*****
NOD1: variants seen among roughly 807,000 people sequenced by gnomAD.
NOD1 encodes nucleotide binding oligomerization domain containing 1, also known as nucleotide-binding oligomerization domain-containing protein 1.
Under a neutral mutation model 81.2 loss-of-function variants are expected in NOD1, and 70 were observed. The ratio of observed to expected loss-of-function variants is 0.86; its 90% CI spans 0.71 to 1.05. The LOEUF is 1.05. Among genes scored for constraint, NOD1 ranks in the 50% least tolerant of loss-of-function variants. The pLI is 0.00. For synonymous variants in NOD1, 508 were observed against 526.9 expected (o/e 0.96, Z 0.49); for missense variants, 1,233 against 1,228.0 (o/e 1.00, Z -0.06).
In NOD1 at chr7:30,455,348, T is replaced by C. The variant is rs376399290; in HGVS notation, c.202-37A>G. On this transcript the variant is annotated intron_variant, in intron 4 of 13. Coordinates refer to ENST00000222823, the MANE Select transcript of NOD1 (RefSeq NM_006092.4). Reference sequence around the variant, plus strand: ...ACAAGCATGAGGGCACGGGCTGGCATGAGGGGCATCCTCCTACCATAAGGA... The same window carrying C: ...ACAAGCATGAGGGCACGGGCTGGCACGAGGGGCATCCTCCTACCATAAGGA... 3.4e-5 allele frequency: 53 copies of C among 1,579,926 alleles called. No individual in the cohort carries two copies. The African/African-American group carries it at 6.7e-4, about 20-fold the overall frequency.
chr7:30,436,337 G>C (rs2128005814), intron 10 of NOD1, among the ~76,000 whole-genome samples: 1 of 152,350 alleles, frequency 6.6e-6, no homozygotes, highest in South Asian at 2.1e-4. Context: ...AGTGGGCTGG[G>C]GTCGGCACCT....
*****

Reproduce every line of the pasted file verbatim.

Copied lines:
NOD1: variants seen among roughly 807,000 people sequenced by gnomAD.
NOD1 encodes nucleotide binding oligomerization domain containing 1, also known as nucleotide-binding oligomerization domain-containing protein 1.
Under a neutral mutation model 81.2 loss-of-function variants are expected in NOD1, and 70 were observed. The ratio of observed to expected loss-of-function variants is 0.86; its 90% CI spans 0.71 to 1.05. The LOEUF is 1.05. Among genes scored for constraint, NOD1 ranks in the 50% least tolerant of loss-of-function variants. The pLI is 0.00. For synonymous variants in NOD1, 508 were observed against 526.9 expected (o/e 0.96, Z 0.49); for missense variants, 1,233 against 1,228.0 (o/e 1.00, Z -0.06).
In NOD1 at chr7:30,455,348, T is replaced by C. The variant is rs376399290; in HGVS notation, c.202-37A>G. On this transcript the variant is annotated intron_variant, in intron 4 of 13. Coordinates refer to ENST00000222823, the MANE Select transcript of NOD1 (RefSeq NM_006092.4). Reference sequence around the variant, plus strand: ...ACAAGCATGAGGGCACGGGCTGGCATGAGGGGCATCCTCCTACCATAAGGA... The same window carrying C: ...ACAAGCATGAGGGCACGGGCTGGCACGAGGGGCATCCTCCTACCATAAGGA... 3.4e-5 allele frequency: 53 copies of C among 1,579,926 alleles called. No individual in the cohort carries two copies. The African/African-American group carries it at 6.7e-4, about 20-fold the overall frequency.
chr7:30,436,337 G>C (rs2128005814), intron 10 of NOD1, among the ~76,000 whole-genome samples: 1 of 152,350 alleles, frequency 6.6e-6, no homozygotes, highest in South Asian at 2.1e-4. Context: ...AGTGGGCTGG[G>C]GTCGGCACCT....